Menu

What You Thought These Famous Literary Quotes Meant VS. What They Actually Mean

Southwest Minnesota State University Theater

Credit:

No Exit by Jean-Paul Sartre

Quote: "So this is hell. I’d never have believed it. You remember all we were told about the torture-chambers, the fire and brimstone, the “burning marl.” Old wives’ tales! There’s no need for red-hot pokers. HELL IS OTHER PEOPLE!"

What you thought: I'm going to say this at a party the next time the music is too loud. People are the absolute worst, and I don't want to be around them. This quiz confirmed it.

But actually: What Sartre meant is that you can't understand who you are without seeing yourself reflected in other people. He isn't saying that people are so irritating, and they chew so loudly, and they smell. He's saying that seeing yourself through the eyes of other people can feel like torture. Here's the man himself: "When we think about ourselves, when we try to know ourselves . . . we use the knowledge of us which other people already have. We judge ourselves with the means other people have and have given us for judging ourselves. Into whatever I say about myself someone else’s judgment always enters.The hell is actually imagining how other people see you.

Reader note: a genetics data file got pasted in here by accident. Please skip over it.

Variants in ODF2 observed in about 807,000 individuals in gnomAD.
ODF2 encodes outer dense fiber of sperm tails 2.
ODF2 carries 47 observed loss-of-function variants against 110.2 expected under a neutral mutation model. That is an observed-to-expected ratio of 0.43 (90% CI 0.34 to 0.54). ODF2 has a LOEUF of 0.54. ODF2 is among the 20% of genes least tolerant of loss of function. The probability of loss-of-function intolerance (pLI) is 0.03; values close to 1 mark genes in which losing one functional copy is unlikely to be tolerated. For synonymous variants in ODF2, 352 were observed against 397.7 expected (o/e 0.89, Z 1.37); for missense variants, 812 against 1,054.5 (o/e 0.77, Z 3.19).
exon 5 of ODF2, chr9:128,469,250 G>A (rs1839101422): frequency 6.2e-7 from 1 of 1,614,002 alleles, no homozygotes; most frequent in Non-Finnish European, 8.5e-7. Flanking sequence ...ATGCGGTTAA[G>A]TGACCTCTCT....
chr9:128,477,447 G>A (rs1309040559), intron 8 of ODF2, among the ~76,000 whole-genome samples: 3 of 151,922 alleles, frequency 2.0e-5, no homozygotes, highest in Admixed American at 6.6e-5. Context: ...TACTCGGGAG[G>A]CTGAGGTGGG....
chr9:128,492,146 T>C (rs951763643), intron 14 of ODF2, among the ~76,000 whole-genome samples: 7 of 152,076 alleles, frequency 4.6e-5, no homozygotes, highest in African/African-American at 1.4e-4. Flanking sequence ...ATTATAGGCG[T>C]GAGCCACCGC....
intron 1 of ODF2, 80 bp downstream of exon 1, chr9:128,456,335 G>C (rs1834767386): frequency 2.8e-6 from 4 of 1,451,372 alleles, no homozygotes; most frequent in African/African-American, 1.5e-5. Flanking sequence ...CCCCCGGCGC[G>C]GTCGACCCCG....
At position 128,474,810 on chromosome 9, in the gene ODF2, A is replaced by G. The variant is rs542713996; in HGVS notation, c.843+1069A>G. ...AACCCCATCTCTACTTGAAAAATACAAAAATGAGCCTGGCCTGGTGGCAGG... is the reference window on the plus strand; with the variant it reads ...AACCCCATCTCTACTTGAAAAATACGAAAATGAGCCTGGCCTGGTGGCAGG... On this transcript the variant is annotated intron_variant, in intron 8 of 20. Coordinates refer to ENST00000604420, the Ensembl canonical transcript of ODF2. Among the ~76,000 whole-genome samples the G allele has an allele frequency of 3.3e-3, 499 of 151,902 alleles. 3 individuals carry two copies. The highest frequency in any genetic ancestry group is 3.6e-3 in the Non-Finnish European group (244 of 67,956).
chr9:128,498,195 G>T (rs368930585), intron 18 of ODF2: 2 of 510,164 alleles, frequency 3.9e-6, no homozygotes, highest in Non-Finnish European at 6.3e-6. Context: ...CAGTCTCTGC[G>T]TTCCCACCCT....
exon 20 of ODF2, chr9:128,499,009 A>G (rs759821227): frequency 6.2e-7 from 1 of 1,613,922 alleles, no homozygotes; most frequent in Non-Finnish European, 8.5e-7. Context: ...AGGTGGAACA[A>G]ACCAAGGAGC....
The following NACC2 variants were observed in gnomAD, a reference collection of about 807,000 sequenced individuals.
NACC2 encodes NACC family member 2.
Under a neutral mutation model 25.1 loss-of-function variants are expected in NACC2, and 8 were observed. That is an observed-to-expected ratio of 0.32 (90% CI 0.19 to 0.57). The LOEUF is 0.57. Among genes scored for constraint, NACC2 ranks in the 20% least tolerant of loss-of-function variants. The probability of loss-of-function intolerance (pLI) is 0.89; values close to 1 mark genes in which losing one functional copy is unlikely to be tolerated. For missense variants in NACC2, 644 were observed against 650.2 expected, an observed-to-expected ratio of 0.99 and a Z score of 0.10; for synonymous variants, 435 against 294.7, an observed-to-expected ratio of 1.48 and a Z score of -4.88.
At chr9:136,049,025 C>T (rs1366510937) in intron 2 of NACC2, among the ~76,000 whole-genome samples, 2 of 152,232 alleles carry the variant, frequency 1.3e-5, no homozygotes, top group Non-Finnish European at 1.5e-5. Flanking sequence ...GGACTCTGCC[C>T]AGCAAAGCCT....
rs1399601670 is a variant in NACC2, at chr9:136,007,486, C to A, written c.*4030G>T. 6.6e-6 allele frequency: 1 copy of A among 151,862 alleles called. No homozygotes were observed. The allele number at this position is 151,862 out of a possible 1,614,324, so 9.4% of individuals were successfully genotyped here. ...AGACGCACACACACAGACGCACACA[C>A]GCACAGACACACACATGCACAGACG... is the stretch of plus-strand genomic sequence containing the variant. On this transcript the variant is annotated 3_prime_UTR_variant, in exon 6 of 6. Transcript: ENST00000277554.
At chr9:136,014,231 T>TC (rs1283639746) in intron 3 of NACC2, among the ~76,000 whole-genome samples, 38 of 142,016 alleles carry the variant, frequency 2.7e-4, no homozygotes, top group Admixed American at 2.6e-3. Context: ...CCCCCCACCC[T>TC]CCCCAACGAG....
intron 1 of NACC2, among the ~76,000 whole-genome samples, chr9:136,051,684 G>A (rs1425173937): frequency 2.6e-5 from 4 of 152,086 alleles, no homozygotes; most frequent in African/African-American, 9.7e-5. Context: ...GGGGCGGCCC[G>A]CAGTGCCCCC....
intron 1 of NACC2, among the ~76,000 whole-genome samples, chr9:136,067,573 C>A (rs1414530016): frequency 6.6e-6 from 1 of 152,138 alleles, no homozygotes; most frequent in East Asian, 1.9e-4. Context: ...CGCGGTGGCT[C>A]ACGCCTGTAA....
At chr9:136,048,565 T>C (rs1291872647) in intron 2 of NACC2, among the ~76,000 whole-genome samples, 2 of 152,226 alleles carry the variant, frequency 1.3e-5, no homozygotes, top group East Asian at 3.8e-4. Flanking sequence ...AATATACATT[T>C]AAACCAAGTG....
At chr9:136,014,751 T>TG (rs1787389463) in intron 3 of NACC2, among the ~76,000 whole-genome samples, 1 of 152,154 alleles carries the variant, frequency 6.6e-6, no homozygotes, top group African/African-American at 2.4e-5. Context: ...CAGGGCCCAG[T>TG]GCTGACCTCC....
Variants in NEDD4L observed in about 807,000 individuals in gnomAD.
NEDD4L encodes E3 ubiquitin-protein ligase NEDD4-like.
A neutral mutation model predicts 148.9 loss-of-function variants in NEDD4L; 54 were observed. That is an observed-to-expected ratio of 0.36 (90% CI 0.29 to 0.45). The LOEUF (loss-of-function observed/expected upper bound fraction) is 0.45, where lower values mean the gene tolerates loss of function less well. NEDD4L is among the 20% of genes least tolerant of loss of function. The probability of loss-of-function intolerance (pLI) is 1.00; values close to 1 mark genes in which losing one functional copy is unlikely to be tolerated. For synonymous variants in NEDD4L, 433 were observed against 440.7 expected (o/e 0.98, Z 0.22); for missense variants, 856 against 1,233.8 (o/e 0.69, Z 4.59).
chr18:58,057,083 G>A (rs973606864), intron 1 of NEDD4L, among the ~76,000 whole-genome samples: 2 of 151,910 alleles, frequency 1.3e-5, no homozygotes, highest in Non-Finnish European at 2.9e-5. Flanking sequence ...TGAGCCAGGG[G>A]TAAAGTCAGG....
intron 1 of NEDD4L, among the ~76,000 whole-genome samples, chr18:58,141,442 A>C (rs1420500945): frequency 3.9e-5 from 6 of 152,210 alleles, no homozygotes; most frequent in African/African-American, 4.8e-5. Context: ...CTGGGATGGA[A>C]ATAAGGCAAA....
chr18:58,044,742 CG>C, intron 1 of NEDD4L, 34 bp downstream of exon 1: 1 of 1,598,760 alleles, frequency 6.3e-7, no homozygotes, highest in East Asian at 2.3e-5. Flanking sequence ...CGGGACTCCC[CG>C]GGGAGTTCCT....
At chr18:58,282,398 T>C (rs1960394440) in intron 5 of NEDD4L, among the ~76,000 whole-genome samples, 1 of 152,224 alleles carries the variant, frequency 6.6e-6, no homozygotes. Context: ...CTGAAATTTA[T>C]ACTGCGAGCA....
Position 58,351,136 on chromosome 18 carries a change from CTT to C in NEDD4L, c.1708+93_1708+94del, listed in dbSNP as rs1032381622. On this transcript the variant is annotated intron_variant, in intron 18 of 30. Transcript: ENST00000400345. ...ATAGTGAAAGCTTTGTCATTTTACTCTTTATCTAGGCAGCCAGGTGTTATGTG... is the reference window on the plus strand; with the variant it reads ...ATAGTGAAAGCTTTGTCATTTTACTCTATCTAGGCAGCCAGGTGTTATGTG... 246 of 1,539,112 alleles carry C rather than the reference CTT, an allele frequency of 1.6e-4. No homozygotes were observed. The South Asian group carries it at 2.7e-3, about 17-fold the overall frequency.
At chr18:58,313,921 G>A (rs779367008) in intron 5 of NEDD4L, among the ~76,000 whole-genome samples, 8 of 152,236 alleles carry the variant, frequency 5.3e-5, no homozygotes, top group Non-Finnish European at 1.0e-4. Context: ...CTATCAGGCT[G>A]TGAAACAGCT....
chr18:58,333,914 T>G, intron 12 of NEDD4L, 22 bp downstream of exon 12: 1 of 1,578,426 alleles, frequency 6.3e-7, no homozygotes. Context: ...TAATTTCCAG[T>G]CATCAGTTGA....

Topics: Books
Tags: romeo and juliet, shakespeare, alice in wonderland, hamlet, classic lit, classic literature, required reading, classic novels, lewis carroll, robert frost, richard iii, literary quotes, famous quotes, john keats, shakespeare's plays, the road less traveled, basically you've been wrong this whole time

Write your own comment!


About the Author
Taylor Noles

Taylor has very strong feelings about Buffy the Vampire Slayer. Her first name is actually Delaney, and her writing has appeared on VICE, NPR, and elsewhere. You can follow her on twitter @delaney_nolan

Wanna contact a writer or editor? Email contribute@sparknotes.com.